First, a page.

Conklin is still very young and will turn 25 this July. While he’s only caught 13 balls in his career, he is a quality blocker and could be used in an H-back role as a hybrid fullback/tight end. He still has plenty of potential and could net the Vikings a late pick in 2021 if they trade him before giving him his release.
The Vikings defensive tackle group will be a fun unit to watch this preseason. Other than Michael Pierce at the nose tackle position, it’s unclear who will be starting next to him. Players like Jaleel Johnson, Shamar Stephen, James Lynch and Armon Watts all have a shot to earn that job. If it is Johnson and the two younger players who rise up, then Stephen could be the odd man out. The Vikings would be wise to call around and see what the league-wide interest in him is before flat out cutting him.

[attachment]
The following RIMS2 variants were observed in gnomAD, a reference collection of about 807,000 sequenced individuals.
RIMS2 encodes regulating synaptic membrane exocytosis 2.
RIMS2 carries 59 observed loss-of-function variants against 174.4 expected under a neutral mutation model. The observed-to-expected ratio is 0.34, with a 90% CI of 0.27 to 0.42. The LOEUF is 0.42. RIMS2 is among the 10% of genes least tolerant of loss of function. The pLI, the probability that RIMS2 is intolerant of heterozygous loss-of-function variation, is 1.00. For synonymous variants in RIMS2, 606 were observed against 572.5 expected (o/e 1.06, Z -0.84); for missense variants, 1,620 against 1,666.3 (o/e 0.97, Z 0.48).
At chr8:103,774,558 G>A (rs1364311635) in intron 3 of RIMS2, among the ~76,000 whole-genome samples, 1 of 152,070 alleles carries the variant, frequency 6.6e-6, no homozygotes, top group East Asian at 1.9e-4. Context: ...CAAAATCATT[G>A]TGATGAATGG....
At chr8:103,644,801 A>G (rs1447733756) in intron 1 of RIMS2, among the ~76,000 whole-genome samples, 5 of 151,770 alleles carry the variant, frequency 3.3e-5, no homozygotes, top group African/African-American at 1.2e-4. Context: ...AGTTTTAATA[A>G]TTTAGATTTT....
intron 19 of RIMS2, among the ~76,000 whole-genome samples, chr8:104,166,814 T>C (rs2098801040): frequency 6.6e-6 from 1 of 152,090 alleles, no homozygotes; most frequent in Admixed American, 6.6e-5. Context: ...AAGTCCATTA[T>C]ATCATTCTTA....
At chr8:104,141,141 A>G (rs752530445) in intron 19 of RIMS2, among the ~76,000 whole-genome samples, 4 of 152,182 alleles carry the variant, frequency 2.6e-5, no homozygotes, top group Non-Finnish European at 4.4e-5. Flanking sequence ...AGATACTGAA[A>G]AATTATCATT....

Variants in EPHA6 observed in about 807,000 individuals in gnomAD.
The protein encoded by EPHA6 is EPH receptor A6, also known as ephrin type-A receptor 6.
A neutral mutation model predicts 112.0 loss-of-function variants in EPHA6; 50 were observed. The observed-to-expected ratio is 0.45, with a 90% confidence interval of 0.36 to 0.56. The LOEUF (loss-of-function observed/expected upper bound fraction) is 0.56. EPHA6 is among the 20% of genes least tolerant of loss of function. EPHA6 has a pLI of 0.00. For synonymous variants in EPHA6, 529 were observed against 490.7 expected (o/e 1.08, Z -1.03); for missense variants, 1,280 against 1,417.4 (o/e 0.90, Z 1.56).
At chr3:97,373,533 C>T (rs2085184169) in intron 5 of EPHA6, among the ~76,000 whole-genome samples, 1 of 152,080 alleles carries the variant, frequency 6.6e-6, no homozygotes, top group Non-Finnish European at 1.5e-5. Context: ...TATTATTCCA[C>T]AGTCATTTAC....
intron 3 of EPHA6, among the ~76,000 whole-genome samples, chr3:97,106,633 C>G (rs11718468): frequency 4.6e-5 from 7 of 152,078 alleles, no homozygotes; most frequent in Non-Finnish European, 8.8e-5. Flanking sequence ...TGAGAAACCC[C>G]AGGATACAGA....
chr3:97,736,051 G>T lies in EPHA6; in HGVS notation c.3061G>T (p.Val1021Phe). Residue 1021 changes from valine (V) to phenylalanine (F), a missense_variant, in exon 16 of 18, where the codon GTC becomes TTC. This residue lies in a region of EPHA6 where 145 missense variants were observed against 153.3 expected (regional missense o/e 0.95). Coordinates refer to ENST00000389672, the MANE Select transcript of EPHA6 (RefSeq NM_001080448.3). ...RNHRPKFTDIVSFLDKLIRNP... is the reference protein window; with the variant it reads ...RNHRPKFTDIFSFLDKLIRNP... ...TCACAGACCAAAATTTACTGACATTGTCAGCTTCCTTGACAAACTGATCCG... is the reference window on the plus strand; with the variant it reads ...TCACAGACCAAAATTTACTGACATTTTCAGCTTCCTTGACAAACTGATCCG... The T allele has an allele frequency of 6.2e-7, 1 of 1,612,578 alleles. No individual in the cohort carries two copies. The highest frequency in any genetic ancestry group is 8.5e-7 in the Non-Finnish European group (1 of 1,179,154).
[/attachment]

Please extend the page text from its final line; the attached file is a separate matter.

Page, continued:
There’s no real way to sugarcoat it: Stephen was a major disappointment last year. The Vikings brought him back to strengthen their run defense, and that was supposed to be the strength of his game. Instead, it was Stephen who was getting dominated and was easily moved around by opposing guards. He only had 21 total tackles in 15 starts and struggled in the one aspect the Vikings needed him to succeed: shutting down the run.
Despite his down season, there could be some interest in Stephen from a team needing an experienced run stuffer. Maybe if another team’s starter goes down, they could get desperate and notice the depth on the Vikings line and call to see if anyone’s available.